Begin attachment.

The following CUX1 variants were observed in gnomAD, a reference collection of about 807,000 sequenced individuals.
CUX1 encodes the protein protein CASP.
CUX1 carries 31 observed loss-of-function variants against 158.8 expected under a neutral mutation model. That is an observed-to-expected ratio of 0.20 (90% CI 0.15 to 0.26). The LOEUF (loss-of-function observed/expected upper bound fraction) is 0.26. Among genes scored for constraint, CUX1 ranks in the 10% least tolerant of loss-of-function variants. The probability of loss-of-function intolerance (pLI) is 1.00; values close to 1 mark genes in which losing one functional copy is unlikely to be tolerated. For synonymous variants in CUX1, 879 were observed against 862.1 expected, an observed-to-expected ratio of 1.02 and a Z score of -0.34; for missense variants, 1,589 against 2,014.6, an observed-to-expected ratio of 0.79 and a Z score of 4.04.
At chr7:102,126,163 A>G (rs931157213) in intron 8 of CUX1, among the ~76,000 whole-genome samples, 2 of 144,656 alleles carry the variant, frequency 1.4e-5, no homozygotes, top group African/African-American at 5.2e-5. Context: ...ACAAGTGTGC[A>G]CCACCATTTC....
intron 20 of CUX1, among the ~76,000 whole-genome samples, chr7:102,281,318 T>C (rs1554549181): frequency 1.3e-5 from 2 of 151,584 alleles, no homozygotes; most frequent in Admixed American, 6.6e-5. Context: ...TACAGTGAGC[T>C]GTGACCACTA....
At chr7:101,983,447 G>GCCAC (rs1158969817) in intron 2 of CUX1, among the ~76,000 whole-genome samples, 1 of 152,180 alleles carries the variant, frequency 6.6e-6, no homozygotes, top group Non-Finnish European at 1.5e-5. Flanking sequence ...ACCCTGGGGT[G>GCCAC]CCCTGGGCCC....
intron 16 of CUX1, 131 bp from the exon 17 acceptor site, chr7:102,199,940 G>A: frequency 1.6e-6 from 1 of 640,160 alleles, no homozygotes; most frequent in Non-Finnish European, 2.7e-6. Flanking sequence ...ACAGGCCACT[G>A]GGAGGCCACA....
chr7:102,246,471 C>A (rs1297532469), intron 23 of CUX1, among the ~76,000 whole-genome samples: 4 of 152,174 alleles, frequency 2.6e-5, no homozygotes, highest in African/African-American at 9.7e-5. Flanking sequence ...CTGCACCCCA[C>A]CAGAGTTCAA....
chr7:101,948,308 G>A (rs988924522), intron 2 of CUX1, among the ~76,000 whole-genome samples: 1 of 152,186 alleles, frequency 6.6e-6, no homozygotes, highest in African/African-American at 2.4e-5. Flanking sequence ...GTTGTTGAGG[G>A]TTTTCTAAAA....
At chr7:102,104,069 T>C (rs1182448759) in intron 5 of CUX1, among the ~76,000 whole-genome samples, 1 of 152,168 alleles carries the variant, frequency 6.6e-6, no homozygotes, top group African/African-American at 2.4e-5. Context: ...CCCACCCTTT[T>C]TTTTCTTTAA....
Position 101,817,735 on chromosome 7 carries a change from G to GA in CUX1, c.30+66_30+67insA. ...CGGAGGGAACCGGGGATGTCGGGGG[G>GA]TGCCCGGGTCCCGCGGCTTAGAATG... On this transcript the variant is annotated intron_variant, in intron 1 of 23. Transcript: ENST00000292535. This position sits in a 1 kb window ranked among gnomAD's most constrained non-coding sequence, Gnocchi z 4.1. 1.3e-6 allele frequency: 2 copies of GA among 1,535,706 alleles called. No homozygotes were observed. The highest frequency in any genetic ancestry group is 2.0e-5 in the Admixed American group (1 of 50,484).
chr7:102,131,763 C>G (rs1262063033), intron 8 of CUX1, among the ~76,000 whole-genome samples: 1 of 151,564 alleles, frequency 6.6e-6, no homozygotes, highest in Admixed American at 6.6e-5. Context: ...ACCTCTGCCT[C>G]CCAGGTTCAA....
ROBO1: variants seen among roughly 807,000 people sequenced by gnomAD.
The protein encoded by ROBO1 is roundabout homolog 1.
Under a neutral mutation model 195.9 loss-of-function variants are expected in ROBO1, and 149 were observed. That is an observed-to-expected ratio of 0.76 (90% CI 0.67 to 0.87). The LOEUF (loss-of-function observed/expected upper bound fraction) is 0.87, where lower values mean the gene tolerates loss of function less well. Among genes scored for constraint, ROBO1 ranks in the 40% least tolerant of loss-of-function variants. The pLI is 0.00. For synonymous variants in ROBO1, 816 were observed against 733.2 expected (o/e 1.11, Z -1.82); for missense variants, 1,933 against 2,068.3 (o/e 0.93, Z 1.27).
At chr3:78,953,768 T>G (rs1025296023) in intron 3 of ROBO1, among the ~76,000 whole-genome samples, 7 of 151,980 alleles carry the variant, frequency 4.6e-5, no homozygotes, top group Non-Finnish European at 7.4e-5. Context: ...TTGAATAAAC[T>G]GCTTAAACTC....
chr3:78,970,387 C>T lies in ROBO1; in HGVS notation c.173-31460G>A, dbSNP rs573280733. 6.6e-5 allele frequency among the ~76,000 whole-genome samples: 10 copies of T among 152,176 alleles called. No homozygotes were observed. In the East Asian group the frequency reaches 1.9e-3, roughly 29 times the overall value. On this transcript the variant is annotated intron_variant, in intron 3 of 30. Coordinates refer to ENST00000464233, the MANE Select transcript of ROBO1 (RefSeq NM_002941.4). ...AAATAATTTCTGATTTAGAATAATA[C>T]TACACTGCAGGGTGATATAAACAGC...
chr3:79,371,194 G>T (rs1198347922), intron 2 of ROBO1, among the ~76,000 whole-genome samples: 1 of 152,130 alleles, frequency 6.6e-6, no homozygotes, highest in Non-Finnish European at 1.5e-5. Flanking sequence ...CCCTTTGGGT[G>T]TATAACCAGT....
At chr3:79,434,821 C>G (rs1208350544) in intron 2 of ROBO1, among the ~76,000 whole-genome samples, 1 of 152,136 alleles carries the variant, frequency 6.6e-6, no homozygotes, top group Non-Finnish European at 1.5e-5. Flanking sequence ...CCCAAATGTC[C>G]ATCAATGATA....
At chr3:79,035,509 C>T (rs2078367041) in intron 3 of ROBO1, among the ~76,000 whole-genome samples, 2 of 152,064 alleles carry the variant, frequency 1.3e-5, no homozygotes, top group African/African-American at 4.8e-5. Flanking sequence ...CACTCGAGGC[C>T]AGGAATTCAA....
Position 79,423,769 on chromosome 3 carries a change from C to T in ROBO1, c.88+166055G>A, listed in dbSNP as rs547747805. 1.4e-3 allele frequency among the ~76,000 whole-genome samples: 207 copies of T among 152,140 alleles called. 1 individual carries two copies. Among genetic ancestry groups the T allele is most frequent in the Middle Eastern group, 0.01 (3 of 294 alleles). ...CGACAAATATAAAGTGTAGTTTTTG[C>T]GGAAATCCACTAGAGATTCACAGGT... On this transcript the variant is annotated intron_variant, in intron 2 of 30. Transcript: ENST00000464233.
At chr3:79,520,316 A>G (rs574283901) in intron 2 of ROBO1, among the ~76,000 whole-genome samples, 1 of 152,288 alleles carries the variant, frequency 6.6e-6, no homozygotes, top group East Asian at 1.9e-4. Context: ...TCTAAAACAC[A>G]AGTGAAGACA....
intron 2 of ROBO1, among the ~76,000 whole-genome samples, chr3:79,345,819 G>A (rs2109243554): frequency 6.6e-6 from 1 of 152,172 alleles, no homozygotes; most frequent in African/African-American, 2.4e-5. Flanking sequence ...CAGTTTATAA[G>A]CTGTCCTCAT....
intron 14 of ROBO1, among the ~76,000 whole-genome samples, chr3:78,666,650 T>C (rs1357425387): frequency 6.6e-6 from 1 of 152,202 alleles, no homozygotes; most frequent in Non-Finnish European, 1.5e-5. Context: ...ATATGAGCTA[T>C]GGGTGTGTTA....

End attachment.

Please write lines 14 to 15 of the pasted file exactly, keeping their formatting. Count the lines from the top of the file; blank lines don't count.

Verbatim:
The protein encoded by ROBO1 is roundabout homolog 1.
Under a neutral mutation model 195.9 loss-of-function variants are expected in ROBO1, and 149 were observed. That is an observed-to-expected ratio of 0.76 (90% CI 0.67 to 0.87). The LOEUF (loss-of-function observed/expected upper bound fraction) is 0.87, where lower values mean the gene tolerates loss of function less well. Among genes scored for constraint, ROBO1 ranks in the 40% least tolerant of loss-of-function variants. The pLI is 0.00. For synonymous variants in ROBO1, 816 were observed against 733.2 expected (o/e 1.11, Z -1.82); for missense variants, 1,933 against 2,068.3 (o/e 0.93, Z 1.27).